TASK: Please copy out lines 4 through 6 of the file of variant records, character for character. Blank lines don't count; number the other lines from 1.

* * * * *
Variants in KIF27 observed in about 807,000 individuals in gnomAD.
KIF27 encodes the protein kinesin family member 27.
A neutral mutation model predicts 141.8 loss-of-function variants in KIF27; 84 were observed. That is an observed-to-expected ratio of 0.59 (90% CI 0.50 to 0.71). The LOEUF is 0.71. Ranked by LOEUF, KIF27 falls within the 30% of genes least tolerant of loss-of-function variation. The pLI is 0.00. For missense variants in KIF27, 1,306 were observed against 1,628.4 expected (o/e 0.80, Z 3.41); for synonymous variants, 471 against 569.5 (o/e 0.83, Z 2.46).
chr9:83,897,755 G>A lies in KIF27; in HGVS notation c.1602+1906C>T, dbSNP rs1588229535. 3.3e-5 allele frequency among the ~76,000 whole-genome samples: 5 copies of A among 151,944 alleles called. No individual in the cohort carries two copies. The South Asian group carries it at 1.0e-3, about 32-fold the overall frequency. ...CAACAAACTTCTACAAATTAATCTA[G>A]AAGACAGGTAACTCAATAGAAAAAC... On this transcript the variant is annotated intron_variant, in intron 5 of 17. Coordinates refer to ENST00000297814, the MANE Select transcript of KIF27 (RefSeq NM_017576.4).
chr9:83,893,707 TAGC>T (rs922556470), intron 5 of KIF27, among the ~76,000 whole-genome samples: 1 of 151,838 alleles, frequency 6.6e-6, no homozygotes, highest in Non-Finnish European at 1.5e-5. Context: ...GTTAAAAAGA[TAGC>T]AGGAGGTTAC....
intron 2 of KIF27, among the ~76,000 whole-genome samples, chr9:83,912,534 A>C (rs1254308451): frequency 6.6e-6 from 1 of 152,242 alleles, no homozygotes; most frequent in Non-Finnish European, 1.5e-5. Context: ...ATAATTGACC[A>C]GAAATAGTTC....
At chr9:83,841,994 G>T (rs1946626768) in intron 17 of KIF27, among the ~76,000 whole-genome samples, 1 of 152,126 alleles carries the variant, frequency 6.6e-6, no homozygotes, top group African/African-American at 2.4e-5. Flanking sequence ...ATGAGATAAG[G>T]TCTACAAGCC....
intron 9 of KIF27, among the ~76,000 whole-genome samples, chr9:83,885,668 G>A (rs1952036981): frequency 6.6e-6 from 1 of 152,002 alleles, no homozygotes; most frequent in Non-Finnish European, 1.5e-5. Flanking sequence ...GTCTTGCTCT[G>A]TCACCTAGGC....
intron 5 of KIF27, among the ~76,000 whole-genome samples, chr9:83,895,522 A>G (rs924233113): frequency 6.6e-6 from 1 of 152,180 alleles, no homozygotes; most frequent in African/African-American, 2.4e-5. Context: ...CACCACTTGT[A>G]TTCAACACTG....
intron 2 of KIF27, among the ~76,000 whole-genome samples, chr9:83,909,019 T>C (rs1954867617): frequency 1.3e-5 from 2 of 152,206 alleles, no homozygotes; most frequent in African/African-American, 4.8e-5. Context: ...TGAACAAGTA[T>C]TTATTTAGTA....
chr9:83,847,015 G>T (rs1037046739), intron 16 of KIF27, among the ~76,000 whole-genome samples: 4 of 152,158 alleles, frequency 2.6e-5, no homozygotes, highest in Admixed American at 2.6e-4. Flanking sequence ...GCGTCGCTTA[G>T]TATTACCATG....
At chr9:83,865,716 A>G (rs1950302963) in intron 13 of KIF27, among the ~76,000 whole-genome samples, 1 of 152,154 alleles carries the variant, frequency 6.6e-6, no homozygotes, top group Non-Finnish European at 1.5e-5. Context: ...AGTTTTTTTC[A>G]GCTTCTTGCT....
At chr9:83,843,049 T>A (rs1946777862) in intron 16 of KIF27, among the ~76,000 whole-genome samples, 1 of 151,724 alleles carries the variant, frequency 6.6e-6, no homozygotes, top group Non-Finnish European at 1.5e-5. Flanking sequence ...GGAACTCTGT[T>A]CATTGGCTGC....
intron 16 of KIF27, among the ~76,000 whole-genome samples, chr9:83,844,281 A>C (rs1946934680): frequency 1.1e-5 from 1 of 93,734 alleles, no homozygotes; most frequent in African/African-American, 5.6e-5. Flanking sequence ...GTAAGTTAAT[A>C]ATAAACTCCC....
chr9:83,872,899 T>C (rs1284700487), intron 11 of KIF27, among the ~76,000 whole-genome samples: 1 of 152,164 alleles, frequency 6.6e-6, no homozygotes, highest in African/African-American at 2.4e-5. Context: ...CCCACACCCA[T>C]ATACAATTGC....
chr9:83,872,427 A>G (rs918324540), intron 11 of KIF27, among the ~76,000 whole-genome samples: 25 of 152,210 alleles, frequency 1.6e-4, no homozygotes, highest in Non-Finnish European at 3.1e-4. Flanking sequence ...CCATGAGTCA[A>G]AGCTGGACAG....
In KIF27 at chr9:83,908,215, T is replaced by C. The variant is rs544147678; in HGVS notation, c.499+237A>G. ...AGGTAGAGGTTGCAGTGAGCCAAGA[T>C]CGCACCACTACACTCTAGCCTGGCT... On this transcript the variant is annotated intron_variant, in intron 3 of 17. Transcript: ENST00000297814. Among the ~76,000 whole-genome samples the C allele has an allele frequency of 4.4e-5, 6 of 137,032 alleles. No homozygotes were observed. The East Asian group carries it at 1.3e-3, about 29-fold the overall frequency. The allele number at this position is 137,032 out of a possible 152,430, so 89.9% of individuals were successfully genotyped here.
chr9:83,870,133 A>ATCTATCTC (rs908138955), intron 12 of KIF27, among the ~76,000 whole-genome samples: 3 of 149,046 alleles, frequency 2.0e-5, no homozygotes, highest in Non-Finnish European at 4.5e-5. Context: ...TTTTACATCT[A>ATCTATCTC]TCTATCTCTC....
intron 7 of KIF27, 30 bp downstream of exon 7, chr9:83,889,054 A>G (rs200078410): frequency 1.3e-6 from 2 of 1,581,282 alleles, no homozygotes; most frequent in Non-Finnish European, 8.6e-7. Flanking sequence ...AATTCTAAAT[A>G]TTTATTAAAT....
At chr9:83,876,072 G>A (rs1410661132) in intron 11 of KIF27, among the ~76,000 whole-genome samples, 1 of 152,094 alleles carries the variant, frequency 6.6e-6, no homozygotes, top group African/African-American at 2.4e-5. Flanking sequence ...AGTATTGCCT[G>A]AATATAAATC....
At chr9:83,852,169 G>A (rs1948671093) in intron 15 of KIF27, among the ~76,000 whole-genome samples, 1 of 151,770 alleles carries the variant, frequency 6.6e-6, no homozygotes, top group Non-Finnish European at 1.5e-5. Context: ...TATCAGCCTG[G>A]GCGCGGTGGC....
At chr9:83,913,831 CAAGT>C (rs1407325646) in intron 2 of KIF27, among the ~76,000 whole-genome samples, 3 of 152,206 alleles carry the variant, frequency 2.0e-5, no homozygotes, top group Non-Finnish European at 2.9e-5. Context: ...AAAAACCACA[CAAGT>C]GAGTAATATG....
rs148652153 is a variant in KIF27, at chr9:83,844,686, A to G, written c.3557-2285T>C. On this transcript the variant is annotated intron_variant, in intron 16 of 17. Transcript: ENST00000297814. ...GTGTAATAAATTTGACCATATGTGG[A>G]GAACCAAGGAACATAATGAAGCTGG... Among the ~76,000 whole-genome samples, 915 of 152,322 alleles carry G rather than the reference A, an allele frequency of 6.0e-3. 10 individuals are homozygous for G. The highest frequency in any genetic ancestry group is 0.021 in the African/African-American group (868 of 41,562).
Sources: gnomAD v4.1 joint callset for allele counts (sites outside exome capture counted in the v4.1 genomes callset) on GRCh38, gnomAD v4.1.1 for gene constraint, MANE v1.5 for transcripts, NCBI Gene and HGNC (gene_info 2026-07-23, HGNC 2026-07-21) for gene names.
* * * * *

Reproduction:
chr9:83,897,755 G>A lies in KIF27; in HGVS notation c.1602+1906C>T, dbSNP rs1588229535. 3.3e-5 allele frequency among the ~76,000 whole-genome samples: 5 copies of A among 151,944 alleles called. No individual in the cohort carries two copies. The South Asian group carries it at 1.0e-3, about 32-fold the overall frequency. ...CAACAAACTTCTACAAATTAATCTA[G>A]AAGACAGGTAACTCAATAGAAAAAC... On this transcript the variant is annotated intron_variant, in intron 5 of 17. Coordinates refer to ENST00000297814, the MANE Select transcript of KIF27 (RefSeq NM_017576.4).
chr9:83,893,707 TAGC>T (rs922556470), intron 5 of KIF27, among the ~76,000 whole-genome samples: 1 of 151,838 alleles, frequency 6.6e-6, no homozygotes, highest in Non-Finnish European at 1.5e-5. Context: ...GTTAAAAAGA[TAGC>T]AGGAGGTTAC....
intron 2 of KIF27, among the ~76,000 whole-genome samples, chr9:83,912,534 A>C (rs1254308451): frequency 6.6e-6 from 1 of 152,242 alleles, no homozygotes; most frequent in Non-Finnish European, 1.5e-5. Context: ...ATAATTGACC[A>C]GAAATAGTTC....